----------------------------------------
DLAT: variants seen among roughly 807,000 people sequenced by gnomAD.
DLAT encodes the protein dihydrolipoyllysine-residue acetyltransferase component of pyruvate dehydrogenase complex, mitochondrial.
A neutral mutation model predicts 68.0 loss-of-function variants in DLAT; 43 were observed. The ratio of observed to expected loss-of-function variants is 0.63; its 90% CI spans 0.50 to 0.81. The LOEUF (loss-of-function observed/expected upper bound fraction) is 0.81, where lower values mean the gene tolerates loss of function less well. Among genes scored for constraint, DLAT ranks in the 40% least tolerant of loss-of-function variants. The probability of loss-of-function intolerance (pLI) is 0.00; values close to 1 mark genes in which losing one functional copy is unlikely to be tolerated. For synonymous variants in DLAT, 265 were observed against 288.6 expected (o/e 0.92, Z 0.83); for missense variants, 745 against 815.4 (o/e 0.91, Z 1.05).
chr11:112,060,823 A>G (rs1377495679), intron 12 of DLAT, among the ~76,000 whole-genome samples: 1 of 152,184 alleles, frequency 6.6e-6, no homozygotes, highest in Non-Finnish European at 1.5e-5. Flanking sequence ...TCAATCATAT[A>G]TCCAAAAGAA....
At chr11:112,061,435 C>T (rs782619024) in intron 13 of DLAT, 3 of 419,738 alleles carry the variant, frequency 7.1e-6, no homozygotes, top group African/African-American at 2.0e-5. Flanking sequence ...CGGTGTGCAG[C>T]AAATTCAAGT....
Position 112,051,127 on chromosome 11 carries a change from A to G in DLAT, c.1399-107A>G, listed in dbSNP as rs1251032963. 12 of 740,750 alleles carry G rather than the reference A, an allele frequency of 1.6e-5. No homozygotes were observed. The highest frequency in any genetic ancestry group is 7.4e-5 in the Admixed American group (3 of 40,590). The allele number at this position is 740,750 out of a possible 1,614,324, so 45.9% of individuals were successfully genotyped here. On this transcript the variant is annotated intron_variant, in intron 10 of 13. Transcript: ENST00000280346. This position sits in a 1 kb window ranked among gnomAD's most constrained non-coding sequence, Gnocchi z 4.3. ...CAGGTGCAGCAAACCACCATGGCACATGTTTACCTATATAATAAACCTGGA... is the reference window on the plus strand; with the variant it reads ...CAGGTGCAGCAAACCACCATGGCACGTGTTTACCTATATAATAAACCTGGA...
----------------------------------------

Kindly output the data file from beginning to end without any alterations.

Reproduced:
DLAT: variants seen among roughly 807,000 people sequenced by gnomAD.
DLAT encodes the protein dihydrolipoyllysine-residue acetyltransferase component of pyruvate dehydrogenase complex, mitochondrial.
A neutral mutation model predicts 68.0 loss-of-function variants in DLAT; 43 were observed. The ratio of observed to expected loss-of-function variants is 0.63; its 90% CI spans 0.50 to 0.81. The LOEUF (loss-of-function observed/expected upper bound fraction) is 0.81, where lower values mean the gene tolerates loss of function less well. Among genes scored for constraint, DLAT ranks in the 40% least tolerant of loss-of-function variants. The probability of loss-of-function intolerance (pLI) is 0.00; values close to 1 mark genes in which losing one functional copy is unlikely to be tolerated. For synonymous variants in DLAT, 265 were observed against 288.6 expected (o/e 0.92, Z 0.83); for missense variants, 745 against 815.4 (o/e 0.91, Z 1.05).
chr11:112,060,823 A>G (rs1377495679), intron 12 of DLAT, among the ~76,000 whole-genome samples: 1 of 152,184 alleles, frequency 6.6e-6, no homozygotes, highest in Non-Finnish European at 1.5e-5. Flanking sequence ...TCAATCATAT[A>G]TCCAAAAGAA....
At chr11:112,061,435 C>T (rs782619024) in intron 13 of DLAT, 3 of 419,738 alleles carry the variant, frequency 7.1e-6, no homozygotes, top group African/African-American at 2.0e-5. Flanking sequence ...CGGTGTGCAG[C>T]AAATTCAAGT....
Position 112,051,127 on chromosome 11 carries a change from A to G in DLAT, c.1399-107A>G, listed in dbSNP as rs1251032963. 12 of 740,750 alleles carry G rather than the reference A, an allele frequency of 1.6e-5. No homozygotes were observed. The highest frequency in any genetic ancestry group is 7.4e-5 in the Admixed American group (3 of 40,590). The allele number at this position is 740,750 out of a possible 1,614,324, so 45.9% of individuals were successfully genotyped here. On this transcript the variant is annotated intron_variant, in intron 10 of 13. Transcript: ENST00000280346. This position sits in a 1 kb window ranked among gnomAD's most constrained non-coding sequence, Gnocchi z 4.3. ...CAGGTGCAGCAAACCACCATGGCACATGTTTACCTATATAATAAACCTGGA... is the reference window on the plus strand; with the variant it reads ...CAGGTGCAGCAAACCACCATGGCACGTGTTTACCTATATAATAAACCTGGA...